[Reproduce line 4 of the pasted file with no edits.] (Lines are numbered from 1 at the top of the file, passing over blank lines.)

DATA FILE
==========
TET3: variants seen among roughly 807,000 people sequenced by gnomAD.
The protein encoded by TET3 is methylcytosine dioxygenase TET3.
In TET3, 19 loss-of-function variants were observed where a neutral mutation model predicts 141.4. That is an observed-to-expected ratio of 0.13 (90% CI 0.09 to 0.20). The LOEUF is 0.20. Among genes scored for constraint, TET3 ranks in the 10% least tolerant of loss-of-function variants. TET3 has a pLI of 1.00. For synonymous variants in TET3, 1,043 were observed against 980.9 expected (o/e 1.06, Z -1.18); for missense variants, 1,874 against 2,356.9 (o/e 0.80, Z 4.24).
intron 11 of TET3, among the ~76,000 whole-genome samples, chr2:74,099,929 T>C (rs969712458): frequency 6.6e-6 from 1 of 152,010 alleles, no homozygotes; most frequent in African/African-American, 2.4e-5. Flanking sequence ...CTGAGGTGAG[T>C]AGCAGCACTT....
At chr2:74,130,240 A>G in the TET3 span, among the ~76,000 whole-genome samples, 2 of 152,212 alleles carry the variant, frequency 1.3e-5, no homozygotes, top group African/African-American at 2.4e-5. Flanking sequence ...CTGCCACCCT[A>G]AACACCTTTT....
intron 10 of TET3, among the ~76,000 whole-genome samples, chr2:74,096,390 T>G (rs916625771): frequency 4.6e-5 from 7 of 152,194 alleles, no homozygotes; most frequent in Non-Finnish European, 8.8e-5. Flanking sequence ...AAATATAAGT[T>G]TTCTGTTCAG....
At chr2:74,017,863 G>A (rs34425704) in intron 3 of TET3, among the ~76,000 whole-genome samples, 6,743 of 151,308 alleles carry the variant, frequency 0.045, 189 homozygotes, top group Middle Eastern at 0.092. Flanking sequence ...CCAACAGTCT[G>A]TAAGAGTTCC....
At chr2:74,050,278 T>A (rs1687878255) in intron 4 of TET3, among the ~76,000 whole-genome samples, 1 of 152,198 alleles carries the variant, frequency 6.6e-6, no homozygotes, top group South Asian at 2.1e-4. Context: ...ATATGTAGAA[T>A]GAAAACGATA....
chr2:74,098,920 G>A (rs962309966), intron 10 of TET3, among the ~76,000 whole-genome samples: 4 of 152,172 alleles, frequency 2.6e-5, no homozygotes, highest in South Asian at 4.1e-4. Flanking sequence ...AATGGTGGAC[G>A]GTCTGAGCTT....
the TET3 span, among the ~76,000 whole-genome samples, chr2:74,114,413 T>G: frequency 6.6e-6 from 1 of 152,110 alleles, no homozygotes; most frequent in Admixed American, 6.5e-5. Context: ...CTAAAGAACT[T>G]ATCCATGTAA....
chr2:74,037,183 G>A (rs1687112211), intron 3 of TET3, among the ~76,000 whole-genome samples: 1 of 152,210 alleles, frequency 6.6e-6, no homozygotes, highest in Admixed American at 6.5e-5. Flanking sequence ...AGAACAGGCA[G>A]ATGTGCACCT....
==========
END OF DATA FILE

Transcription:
intron 11 of TET3, among the ~76,000 whole-genome samples, chr2:74,099,929 T>C (rs969712458): frequency 6.6e-6 from 1 of 152,010 alleles, no homozygotes; most frequent in African/African-American, 2.4e-5. Flanking sequence ...CTGAGGTGAG[T>C]AGCAGCACTT....